Juan Dominguez, PhD, professor for “Love, Mating, and the Brain”
- Before students take a quiz, I like to provide them with a list of questions that might be in the quiz. I tell them that questions in the quiz will come from this list, however, the questions are comprehensive and so in an effort to prepare for the quiz by answering all the questions, they’re in fact learning all the material that I think is most important to learn in our class.
Patricia Carter, PhD, professor for “Sleep: Are We Getting Enough?”
- Listen to your students… actually listen and when they don’t answer a question right away, give them time, prompts, and encouragement to engage. They are so used to passively receiving information and are so afraid of making a mistake that they really need to be supported to step out. Along these same lines, don’t stop at the first answer given by the ‘same’ student. You know the one that sits in the front row and is always quick to answer. If you stop there, no one else will volunteer and it becomes a ‘conversation’ between you and one other student with 200 observers.
- Find joy in what you are teaching. If you are having fun, then your students will have fun. Joy is contagious. No matter how dry the material, if you have fun then it will transfer to your students.
- Make mistakes and demonstrate that it is ok to do so and move past. If you are not perfect, then your students won’t think that they have to be. This makes you more approachable and it allows the students to relax and learn.
Ann Johns, PhD, professor for “New World/Old World Encounters”
- For my upper division, “smaller” classes (20-50 people), I’ve revived (over the last two years) the old practice of having students write reading responses. I ask for short responses and I give them choices. So, there might be 30 appropriate responses from the readings and students write ten of their choice. Discussions were dying out in my classes and it took me a semester or two to figure out that this was happening because students weren’t doing the readings. Now, I have very engaged students and excellent classroom discussions, without making the students feel that they are responsible for every single reading. Not only are discussions better, but students get to know one another better, and we build a stronger community of learning.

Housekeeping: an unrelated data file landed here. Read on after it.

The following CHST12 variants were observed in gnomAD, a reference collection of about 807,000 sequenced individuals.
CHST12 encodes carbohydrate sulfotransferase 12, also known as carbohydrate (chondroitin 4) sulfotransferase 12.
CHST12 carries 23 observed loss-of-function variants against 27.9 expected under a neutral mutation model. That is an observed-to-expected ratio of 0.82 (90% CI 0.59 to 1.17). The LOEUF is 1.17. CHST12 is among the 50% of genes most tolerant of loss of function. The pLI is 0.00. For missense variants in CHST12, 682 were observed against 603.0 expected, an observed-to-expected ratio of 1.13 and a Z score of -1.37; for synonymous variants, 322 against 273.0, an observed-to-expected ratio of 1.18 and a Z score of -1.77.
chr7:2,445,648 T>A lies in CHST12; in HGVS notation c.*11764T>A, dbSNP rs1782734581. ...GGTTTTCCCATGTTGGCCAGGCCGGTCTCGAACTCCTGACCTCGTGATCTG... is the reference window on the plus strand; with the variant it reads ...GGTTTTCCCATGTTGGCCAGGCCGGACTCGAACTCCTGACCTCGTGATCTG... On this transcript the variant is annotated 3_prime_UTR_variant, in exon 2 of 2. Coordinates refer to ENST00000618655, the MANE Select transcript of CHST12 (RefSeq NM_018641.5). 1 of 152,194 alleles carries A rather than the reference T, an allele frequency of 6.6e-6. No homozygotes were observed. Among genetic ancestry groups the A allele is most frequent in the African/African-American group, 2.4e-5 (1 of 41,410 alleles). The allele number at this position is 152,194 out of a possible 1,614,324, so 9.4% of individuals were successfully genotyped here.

Patrick Davis, PhD, professor for “Really Bad Bugs”
- Many faculty members use a ‘readiness assessment test’ at the beginning of class to hold students accountable for background assignments and to allow for ‘just-in-time’ teaching to address issues that need clarification before diving into the class material. For the past decade, I have employed commercial “IF/AT” cards (Immediate Feedback Assessment Technique) for conducting these assessments in my Signature Course. These are basically ‘scratch off’ cards that give students instant feedback as to whether they get the question right, and if not, allows for additional attempts for lesser and lesser credit. With many assessment methods, students are given their results days later and have to reconstruct what they were thinking at the time of taking the test. In addition, questions are usually graded as ‘all or none’ and students do not get credit for narrowing down the choices based on their understanding. IF/AT cards overcome both of these issues, and students find them engaging. IF/AT cards are available from epsteineducation.com and I would be happy to provide cards to any faculty members who want to give them a try.